Understanding Trademark Infringement and How to Avoid It

November 29, 2016 | Charles Bowen

trademark-1.jpgIf you are starting your own business, it is crucial that you gain a clear understanding of the legal use of trademark and the dangers of trademark infringement. Infringement cases can be expensive and time-consuming, particularly for a small business. This article is meant to guide you through the basics of trademark infringement and how to avoid it.

The Likelihood of Confusion Test

In determining whether your mark infringes upon another company’s registered trademark, the most important consideration is the "likelihood of confusion" test, The likelihood of confusion test takes into consideration the similarities between the goods or services being offered by the company and the similarity between the trademarks to determine areas of overlap. You want to make certain that a consumer would not confuse your product for another company’s product in the marketplace.

In some cases, companies with the same name but operating in different industries will be able to keep their brand trademark. For example, the brand name “Delta” refers to an airline, an insurance company, and a faucet manufacturer. However, because of the significant differences between the industries in which these companies operate, it’s unlikely that a consumer will be confused and think that Delta Airlines is selling them a bathroom faucet.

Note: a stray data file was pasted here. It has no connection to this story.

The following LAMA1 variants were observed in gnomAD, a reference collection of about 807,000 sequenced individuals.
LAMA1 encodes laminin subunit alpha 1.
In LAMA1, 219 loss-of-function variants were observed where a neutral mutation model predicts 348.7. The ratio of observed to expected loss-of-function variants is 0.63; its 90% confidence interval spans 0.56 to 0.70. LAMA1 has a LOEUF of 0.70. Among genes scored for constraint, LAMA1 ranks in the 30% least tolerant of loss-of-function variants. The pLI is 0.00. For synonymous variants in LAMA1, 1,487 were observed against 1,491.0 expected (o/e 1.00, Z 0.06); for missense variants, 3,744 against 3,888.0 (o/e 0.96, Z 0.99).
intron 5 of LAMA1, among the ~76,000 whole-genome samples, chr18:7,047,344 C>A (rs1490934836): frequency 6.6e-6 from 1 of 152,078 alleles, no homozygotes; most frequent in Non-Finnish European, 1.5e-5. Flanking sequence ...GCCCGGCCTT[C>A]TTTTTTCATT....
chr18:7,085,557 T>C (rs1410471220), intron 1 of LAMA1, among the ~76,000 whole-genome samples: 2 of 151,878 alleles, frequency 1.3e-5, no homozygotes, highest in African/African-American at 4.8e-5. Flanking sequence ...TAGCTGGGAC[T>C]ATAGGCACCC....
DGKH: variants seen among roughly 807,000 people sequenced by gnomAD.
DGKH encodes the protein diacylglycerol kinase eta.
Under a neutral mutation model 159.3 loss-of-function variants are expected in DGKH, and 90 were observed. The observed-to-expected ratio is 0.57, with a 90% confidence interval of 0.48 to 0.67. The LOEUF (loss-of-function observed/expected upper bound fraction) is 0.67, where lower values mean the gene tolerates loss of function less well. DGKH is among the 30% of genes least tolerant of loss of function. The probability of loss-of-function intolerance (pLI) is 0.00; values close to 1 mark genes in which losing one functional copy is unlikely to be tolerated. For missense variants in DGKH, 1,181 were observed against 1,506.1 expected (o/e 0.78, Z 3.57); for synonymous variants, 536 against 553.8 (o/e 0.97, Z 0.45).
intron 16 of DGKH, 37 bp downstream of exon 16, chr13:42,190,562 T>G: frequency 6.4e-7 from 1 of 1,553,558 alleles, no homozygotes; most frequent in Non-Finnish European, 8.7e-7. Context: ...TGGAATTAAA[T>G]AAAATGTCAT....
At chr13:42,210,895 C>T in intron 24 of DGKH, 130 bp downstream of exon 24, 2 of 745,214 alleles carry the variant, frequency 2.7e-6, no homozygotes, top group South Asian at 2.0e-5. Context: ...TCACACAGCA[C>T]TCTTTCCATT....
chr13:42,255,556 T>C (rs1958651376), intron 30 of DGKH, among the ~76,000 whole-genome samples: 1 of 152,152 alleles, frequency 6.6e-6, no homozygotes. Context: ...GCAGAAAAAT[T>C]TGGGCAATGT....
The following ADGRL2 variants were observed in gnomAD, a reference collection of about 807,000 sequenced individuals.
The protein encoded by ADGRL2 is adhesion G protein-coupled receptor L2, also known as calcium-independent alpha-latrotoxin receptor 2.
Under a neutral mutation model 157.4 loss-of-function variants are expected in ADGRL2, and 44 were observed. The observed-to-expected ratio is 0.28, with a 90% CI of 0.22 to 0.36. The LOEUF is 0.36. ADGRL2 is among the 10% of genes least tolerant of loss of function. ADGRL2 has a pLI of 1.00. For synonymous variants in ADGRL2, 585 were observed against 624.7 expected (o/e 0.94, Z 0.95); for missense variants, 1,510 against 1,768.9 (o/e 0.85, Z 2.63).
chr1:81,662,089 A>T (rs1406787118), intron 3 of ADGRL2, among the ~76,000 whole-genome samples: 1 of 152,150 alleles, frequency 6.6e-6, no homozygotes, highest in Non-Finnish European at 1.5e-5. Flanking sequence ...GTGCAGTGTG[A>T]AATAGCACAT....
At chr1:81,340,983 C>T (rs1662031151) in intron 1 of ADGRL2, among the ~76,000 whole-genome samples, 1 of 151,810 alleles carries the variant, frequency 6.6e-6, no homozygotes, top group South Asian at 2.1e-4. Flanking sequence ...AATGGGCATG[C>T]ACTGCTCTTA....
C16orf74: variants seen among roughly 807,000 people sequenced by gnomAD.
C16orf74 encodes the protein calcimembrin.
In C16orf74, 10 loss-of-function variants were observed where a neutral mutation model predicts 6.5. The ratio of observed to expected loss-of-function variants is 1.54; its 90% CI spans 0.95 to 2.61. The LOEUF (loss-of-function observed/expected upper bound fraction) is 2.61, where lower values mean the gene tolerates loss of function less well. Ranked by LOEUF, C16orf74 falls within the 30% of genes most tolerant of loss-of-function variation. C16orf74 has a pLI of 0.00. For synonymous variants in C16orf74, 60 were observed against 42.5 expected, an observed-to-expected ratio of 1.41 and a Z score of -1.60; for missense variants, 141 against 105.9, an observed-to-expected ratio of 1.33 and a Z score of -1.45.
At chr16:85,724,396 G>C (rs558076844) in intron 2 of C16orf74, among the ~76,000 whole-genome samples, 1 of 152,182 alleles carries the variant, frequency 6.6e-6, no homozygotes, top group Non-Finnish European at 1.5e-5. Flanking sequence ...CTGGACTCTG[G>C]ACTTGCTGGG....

Commit to a Trademark Availability Search

One of the first steps in trying to avoid trademark infringement as a new business is to conduct a trademark availability search. A trademark lawyer can help you with this process. They will review your marketplace and assess which trademarks are being used, and how these trademarks might affect your ability to use your company’s own trademark. Once they’ve completed their research, they will advise you whether you face the risk of trademark infringement claims from other businesses.

 

Protect Your Trademark

Once it has been confirmed that your trademark does not infringe on those of any other company in your industry, you can then take action to protect it for the future and mitigate future instances of infringement. While each state offer trademark registration, federal registeration is generally preferred because it will protect your mark nationally.  If you are considering a trademark for the protection of your business and/or logo, more information may be found in the free download below or by scheduling a free consultation with The Bowen Law Group.

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Topics: Copyright Law